We are wiser today than we were yesterday…
We bought our caravan by accident, so in the end, we had only a month to sort everything out… As newbie caravanners, our first year was a little hit-and-miss and we paid far too much for nearly everything!
However, we are both thrifty and quick learners. Here, we share with you some money-saving tips that in our second year, reduced our outgoings by several thousands of pounds.
1. Caravan Storage
A. Annual Storage – our insurance initially insisted on our having CASSOA Gold secure storage sorted before we took delivery of the caravan. We arranged this in a hurry with a storage facility some distance from home, since this was the only one which had a vacancy. The cost was over £500 for the year, yet the caravan was in storage for only a few months.
B. Monthly Storage – we have since found a storage facility close to home that charges monthly, so we don’t have to travel miles and pay only for what we use. Initially, it did not have CASSOA Gold level of security, but we since found one that does. The net saving is around £300pa.
C. Storage at Home – a few friends with space have kindly offered to store our caravan for us, however this proved tricky with our insurers. Storage at your own home, if you live there, however, is not usually a problem with insurers.
D. Storage Abroad to save on cross-channel transport is also a stumbling block with our insurers, however, it is something that we are looking into for future trips. Watch this space!
A. This has saved us several hundreds of pounds on gas. Prices vary but refilling with 10kg (19.5L) of LPG cost us in the region of €8. Last time we bought a 6kg Calor bottle, it cost about £30 + deposit – and Calor is not available in Europe. The Safefill cylinder is also significantly lighter than a Calor cylinder – and you don’t need a spare! The transparent bottle also allows you to see how full it is.
- You will need to buy a set of adapters for Europe with your cylinder.
- We bought our cylinder from our dealer, who kindly gave us 10% discount and modified our gas locker to accommodate the Safefill cylinder.
To read my full review of the Safefill Refillable Gas Bottle, click here.
3. Going Off-Grid
In summer, in Europe, we have found that we rarely need EHU (Electric Hook Up). This saves a couple of Euros per night, which adds up to a few hundred pounds a year when you are away for months at a time. Our energy costs are also much reduced by the Safefill refillable gas bottle detailed above. We simply get EHU for 1 night if we need to use the hoover or do laundry. However, going off grid in the UK winter in a dark forest is not to be recommended… (See Adventures off Grid.)
4. Washing Machine
We were spending around £20 per week on laundry. We bought a portable washing machine for around £100, so it paid for itself in just over a month. The machine weighs about 16kg and the drum and spin dryer are just large enough to take a polycotton Superkingsize duvet cover. It drains by gravity; we see no need for the extra weight of a drain pump and it’s just something to go wrong. The washing machine received many a look of envy from seasonal pitches in Penthièvre and another thing that I like about it is that Mark enjoys using it, so I need never do laundry again…!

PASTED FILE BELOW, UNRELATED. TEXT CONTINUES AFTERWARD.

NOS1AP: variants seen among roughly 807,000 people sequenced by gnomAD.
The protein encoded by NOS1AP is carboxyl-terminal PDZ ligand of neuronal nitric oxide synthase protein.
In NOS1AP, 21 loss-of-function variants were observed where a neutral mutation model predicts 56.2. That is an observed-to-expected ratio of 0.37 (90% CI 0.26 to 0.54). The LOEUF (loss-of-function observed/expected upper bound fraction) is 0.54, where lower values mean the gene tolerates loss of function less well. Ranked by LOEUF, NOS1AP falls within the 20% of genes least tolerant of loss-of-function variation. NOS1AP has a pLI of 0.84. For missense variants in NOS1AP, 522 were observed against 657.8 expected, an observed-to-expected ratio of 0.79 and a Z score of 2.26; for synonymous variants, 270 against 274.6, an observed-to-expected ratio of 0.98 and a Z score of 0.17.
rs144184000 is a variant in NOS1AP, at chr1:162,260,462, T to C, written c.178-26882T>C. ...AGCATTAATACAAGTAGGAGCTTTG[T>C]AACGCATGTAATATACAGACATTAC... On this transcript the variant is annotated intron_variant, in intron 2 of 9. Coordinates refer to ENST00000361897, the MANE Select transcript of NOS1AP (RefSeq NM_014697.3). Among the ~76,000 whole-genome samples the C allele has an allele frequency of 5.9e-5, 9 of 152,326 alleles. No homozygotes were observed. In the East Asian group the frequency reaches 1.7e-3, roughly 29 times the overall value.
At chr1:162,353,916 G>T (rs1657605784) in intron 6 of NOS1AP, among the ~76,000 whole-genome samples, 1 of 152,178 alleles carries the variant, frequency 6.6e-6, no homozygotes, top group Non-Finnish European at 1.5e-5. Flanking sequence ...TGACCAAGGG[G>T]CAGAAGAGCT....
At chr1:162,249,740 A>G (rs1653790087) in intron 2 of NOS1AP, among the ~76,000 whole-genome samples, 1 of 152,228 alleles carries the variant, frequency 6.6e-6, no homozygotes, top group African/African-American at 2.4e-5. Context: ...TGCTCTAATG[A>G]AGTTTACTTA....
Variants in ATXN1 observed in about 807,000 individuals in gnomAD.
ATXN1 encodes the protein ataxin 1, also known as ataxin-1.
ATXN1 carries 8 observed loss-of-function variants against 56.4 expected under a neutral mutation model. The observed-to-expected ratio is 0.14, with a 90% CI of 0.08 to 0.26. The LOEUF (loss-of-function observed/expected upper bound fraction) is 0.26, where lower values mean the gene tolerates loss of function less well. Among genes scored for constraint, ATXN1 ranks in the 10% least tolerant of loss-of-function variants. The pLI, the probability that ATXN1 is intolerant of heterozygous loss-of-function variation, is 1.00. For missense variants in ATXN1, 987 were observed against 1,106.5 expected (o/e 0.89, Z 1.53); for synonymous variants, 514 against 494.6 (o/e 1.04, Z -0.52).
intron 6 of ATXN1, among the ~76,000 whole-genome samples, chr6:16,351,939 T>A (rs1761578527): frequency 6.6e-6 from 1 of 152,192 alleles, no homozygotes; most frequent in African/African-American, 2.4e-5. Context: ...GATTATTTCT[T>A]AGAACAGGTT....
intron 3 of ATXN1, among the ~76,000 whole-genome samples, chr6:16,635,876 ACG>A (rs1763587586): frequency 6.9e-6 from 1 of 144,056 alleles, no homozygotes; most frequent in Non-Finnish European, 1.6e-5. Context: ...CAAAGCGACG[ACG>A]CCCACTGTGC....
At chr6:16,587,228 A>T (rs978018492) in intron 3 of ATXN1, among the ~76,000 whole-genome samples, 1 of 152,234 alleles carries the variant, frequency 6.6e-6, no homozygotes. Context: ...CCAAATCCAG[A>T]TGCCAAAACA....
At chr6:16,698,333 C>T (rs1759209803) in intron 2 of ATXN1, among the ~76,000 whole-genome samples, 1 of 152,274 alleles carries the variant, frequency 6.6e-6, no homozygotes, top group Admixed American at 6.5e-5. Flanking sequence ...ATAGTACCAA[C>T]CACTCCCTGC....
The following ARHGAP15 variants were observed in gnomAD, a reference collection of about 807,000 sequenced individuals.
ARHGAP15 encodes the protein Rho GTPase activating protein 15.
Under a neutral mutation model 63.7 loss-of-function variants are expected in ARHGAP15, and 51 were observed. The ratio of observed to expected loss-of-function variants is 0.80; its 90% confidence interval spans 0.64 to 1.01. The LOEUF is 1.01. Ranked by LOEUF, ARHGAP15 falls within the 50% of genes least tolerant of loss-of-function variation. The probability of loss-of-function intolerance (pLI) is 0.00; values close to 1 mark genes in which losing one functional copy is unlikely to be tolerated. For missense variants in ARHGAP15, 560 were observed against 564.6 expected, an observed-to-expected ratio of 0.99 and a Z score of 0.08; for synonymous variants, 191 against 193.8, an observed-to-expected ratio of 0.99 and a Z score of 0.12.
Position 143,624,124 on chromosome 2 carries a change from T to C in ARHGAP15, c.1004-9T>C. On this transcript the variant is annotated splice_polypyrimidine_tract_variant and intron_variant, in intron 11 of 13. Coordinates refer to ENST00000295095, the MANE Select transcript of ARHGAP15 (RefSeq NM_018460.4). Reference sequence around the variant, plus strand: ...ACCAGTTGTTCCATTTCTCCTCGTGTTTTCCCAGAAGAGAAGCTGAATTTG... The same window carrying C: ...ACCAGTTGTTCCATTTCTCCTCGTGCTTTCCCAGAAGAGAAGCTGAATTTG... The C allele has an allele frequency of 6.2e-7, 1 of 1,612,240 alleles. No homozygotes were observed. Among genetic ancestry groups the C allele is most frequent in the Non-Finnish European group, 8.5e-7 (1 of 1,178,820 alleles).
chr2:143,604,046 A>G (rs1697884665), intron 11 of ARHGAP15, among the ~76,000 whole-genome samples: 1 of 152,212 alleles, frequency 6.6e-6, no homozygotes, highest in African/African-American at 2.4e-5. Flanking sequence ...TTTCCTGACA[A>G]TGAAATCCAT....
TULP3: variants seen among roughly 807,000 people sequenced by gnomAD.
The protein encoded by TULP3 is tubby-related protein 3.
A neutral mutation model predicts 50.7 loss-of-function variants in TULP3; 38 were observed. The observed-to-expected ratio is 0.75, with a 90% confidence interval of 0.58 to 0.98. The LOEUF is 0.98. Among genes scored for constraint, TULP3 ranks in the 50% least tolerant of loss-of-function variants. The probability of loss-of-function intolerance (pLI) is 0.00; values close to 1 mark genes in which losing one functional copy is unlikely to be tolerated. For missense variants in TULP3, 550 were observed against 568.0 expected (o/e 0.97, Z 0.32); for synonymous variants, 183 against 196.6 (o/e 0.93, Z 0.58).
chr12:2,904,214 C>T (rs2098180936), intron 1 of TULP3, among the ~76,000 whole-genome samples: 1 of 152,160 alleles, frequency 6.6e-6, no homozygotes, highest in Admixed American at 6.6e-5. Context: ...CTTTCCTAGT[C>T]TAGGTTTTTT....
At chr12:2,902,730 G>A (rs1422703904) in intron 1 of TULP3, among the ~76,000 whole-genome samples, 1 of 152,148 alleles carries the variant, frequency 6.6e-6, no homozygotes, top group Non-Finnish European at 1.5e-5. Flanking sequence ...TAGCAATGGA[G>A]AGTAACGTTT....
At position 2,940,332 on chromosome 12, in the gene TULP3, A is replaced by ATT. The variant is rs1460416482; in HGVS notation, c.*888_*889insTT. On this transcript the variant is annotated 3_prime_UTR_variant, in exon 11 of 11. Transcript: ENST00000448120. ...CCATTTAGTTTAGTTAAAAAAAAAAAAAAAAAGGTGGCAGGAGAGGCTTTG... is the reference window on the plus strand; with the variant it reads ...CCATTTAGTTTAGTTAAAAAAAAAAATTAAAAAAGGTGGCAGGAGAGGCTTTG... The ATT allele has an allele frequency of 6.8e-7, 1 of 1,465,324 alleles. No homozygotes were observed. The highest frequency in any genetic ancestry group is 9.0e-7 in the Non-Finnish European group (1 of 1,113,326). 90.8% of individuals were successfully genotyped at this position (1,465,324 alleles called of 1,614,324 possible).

5. Avoid Touristy Areas in High Season:
A. We prefer to avoid the crowds anyway, but site fees in tourist hotspots can be double in high season. Also, the charge for dogs is often waived in low season – and this can be as much as €4 per dog per night.
B. ACSI – We also joined ACSI; “Europe’s leading campsite specialist”. Besides listing nearly 10,000 sites across Europe, all of which are inspected annually, the ACSI card offers discounts in low season.
6. Avoid Toll Roads – and Traffic Fines!
A. Tolls – Many major roads and motorways in Europe charge users tolls, which can add significantly to your costs. Large vehicles like a caravan or motorhome are charged at a higher rate than cars. We often avoid toll roads, since we’re not in a hurry and like to see the countryside. Since a caravan or motorhome has a motorway speed limit of 55 or 60mph, depending which country you are in, you may find that avoiding the toll roads does not add as much time to your journey as you might think. Our satnav has an ‘avoid tolls’ setting, which is very helpful in calculating the time difference between toll and non-toll routes.
This website, Highway Tolls in Europe, outlines how each country charges for road use and has a toll calculator. The Sixt Rent A Car website also has a clear, interactive map which outlines toll charges.
B. Vignette – Rather than charging tolls, some countries require you to purchase a vignette before you use the roads. There are heavy fines if you fail to display the vignette and foreign vehicles are an easy target to pick out. Vignettes can usually be purchased close to the border – read the instructions and make sure that you fill in the vignette if required and display it in the correct position on your windscreen. Sometimes, there are tolls on some roads in addition to the vignette! Click here for a country by country rate guide and overview.
C. Bridge, Ferry and Tunnel charges can also add up, so make sure that you include these in your travel calculations – particularly if you plan to cross bridges in Scandinavia! Do your research – we bought a 10-transit caravan pass for the Mont Blanc tunnel. It is valid for 2 years and if you are doing more than 1 transit (even without the caravan) you will save. It is not vehicle-specific, so we delighted some friends who were going skiing by donating a return trip that we were not going to use. Avoiding peak times on Ferries or the Channel Tunnel can result in very significant savings and if you are a regular ferry traveller, it may be worthwhile joining something like Brittany Ferries’ Club Voyage which gives discounts up to 30%.